Our First Annual

Our First Annual

The inspectors were impressed and made mention of it right out of the gate. It was uphill from there. Our teachers were nervous but passed the inspection with flying colours.  They were particularly impressed with Andrei and Oliver and what they are contributing as first year teachers:  solid classroom environment, well-planned lessons, extra-curricular involvement.  They have started a boys’ basketball team and are excited about the opportunity for teaching the kids about team-work and the game.

Jiaxing Jaguars

Jiaxing Jaguars

The kids don’t really know how to play a full game, having never had that experience, so the first event will be wipe out but they should have fun!  Mr. Zhao is completely involved, setting up gym time and helping to get uniforms ordered.  The principal, Mr. Xu (pronounced Shoe, with an upward inflection) insisted that the mascot name include both a J and a G, for Jiaxing Gao Ji, Jaixing Senior High.  Imagine.  Who knew it was even possible?  They came up with Jaguar and Jaguar it is!

Monday evening dinner at the Sunshine Hotel. Good food and not too much to drink, in spite of the obligatory toasts. Everyone happy. But the best part was the next day when the inspector told Mr. Xu that our foundations were firmly in place and we were already an exemplary school, doing well and destined for greatness. Inspectors don’t actually say those sorts of things but you get the picture. It went very well and we are good to go for another year.

Meanwhile, I have been going mad with my computer, which I believe I tainted with viruses, trying to upload programs to run videos. Never mind, it’s a long story but suffice to say it had become ridiculously slow, even for Chinese standards. We uploaded all my files to Dropbox and had a private techie come in to ‘clean’ it. Today, I can’t connect to my printer and our student information system is likewise lost in space. A school techie came down in the afternoon and tried several times to get the printer to work and upload TESS without much luck, so tomorrow the private guy will give it a shot. Much to my delight, I discovered that our school techie actually has quite a bit of English, although he is too shy to use much of it. I tend to forget the language difference and speak anyway and lo and behold, there he was talking and reading the messages. I had him! Lots of fun but not much difference with my machine.

So, winter is upon us. Today started out brisk but by mid-afternoon, a wind blew up that was COLD! I took the bus and resented the temperature as I hustled the short block home. But what did I discover? Geoff had begun the winterizing of our apartment. He has Ken’s our guest bedroom windows covered (first with plastic and THEN with cardboard) and the two of us sealed the bathroom window which is over-sized, single paned and only slightly less windy when closed than open. It took us about a fifth of the time it took us last year and already the place feels warmer. Let it come! Tomorrow it’s time for the long underwear!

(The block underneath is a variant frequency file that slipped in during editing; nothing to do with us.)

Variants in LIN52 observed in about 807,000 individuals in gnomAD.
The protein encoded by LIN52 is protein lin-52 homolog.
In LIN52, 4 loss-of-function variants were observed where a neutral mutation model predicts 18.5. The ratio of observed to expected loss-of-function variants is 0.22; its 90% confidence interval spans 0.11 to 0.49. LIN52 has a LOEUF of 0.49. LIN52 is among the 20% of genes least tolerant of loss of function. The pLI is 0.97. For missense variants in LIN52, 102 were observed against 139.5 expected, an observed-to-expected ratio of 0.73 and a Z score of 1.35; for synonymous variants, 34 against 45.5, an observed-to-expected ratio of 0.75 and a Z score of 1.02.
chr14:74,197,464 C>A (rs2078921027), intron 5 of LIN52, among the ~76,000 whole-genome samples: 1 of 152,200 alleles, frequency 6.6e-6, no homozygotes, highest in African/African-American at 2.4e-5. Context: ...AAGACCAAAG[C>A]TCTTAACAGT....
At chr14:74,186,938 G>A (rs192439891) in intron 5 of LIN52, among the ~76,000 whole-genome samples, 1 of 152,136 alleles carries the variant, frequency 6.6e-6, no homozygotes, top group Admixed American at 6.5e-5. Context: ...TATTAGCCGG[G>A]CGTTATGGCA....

It will be toasty warm for you, Ken!

It will be toasty warm for you, Ken!

This morning, I was just behind a student who arrived in a Maserati sports model.  Boy, it sounded great!  I followed him up the stairs but couldn’t keep up (he was late and in a hurry).  Geoff sleuthed it out.  Sure enough, he was one of ours but he didn’t even know the name of the car.  We have another kid who arrives in chauffeur-driven Bentley so definitely no shortage of money here.  You would never know it, judging by the school facility, or the kids.

School Days

TIC

So, I’m teaching poetry to the grade 10s.  How hard could it be, right? First, I establish that they indeed use rhyme and rhythm in Chinese poetry, next, I ask them to write 3 rhyming words for 3 words.  We come to a full stop. Problem is they don’t know enough vocabulary to easily recall a word that might rhyme.  So I do one word with the class, working through the alphabet finding rhymes. Half the words I have to explain their meaning. And so it goes.  I skirt rhythm and move on to similes.  It’s the “almost right” ones that are the most difficult to explain.  Again, I back up the truck and arrive this morning with what I think is a very simple poem of similes.  Wrong.  After considerable explanation, they begin to figure it out.  And only 6 more figures of speech to go!

Yesterday, Violet, one of our grade 10s, came in to my office with a get-out-of-jail free card from the school doctor.  She has pink eye and has to go home for 3 days. She has pink eye.  Why, then, is she wearing a mouth and nose mask?  These things are inexplicable to me.

Violet started the year as Eland.  I was so impressed that this young girl had picked as her English name, a form of the name of Tiger’s ex who handed him his butt when she found out he was screwing around with gawd knows how many  tawdry women.  Do you think for one minute that Elin whacked out the back window of his Escalade with a golf club because she wanted to help him escape the vehicle?  Please. I can assure you, she was restrained. But I digress.  About a week into the year, Eland joined our plant family of grade 10 girls and became Violet.  We also have Jasmine, Ivy, Daisy, Lavender, Iris and Cherry. I can’t wait to read the inevitable saccharine-laced poems that are bound to be forthcoming.

Finally, a few pictures.  I never fail to be amused by this wonderful juxtaposition of images between this safety poster extolling the virtues of cleaning up after one’s self and the paint drippings below it.

What's a little wet paint on an electrical box, anyway.

What’s a little wet paint on an electrical box, anyway.

Here’s one of two of our teachers bundled up against the cold.  But it’s not cold yet!  Wait till the temperature really drops.

C'mon Andrei - man up!